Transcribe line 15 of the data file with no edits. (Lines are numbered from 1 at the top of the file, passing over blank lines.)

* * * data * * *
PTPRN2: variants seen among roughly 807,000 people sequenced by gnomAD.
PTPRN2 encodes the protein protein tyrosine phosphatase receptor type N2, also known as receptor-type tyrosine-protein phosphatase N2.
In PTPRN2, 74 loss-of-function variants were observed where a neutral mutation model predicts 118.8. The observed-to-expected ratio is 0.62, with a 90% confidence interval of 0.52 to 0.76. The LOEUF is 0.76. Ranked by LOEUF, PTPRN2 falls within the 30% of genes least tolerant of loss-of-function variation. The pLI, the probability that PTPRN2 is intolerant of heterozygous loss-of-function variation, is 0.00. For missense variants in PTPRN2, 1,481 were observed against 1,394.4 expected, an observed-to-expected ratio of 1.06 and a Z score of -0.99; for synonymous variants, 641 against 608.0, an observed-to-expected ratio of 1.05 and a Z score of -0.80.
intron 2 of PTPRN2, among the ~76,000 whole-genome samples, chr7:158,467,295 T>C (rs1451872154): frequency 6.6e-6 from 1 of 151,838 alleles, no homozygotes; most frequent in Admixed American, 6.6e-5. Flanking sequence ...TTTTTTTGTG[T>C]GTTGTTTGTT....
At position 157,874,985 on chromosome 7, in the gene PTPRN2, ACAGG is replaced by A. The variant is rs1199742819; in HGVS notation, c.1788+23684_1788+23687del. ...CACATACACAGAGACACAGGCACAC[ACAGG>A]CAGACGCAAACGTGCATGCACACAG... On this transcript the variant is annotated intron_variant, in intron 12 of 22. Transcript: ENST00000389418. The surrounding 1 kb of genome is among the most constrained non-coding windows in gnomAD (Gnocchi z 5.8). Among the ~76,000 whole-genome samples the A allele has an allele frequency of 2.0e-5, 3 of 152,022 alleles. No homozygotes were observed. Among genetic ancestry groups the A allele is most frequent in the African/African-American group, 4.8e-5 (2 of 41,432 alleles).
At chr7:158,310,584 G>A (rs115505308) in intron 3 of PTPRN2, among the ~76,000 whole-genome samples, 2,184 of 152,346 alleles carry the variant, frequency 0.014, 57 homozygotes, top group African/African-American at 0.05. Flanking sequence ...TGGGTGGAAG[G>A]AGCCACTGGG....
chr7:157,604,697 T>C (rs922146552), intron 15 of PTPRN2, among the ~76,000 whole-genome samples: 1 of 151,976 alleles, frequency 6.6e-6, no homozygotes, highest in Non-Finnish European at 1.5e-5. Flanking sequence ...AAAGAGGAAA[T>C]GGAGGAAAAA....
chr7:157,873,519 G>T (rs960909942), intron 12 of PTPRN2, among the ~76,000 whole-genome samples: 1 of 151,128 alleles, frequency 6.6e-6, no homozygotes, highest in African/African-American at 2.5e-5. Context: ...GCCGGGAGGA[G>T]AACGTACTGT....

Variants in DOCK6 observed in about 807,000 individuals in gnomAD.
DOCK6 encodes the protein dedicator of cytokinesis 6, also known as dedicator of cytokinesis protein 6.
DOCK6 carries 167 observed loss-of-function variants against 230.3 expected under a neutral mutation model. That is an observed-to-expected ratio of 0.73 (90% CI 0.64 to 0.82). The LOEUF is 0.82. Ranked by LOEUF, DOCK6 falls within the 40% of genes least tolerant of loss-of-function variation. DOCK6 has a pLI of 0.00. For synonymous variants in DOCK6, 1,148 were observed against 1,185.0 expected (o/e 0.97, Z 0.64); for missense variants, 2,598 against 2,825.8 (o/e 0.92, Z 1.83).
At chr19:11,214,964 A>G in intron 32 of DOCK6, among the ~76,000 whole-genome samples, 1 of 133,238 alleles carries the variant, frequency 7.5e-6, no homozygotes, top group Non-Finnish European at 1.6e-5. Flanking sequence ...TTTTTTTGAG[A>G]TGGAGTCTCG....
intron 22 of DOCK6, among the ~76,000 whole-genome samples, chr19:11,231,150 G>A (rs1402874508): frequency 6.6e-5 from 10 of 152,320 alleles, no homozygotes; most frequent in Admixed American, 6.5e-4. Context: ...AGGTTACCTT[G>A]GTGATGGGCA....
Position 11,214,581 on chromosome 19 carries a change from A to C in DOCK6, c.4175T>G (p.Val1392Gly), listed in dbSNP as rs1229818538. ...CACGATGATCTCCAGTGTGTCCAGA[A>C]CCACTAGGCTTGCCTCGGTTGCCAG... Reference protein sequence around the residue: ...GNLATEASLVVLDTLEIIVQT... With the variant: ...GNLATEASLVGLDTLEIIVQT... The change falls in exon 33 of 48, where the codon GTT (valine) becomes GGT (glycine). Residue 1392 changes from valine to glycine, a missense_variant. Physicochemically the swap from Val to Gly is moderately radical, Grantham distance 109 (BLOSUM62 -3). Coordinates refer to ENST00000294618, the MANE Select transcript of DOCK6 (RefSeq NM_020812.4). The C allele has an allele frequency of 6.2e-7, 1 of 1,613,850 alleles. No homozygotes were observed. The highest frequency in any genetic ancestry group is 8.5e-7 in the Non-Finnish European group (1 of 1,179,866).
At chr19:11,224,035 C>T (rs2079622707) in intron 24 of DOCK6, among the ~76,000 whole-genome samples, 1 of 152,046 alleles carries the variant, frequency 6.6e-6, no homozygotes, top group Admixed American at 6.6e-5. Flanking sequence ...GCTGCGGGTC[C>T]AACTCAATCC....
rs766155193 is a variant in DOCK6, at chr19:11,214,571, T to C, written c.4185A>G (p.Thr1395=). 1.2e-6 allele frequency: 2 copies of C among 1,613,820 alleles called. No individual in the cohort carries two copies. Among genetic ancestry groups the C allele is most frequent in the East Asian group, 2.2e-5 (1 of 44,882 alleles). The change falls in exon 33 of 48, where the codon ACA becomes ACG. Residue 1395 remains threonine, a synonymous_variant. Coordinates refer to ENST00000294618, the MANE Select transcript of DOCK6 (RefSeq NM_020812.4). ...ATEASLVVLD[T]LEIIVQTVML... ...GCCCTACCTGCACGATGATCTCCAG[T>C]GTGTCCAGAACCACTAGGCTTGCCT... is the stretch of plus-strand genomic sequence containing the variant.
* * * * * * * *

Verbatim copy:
At chr19:11,224,035 C>T (rs2079622707) in intron 24 of DOCK6, among the ~76,000 whole-genome samples, 1 of 152,046 alleles carries the variant, frequency 6.6e-6, no homozygotes, top group Admixed American at 6.6e-5. Flanking sequence ...GCTGCGGGTC[C>T]AACTCAATCC....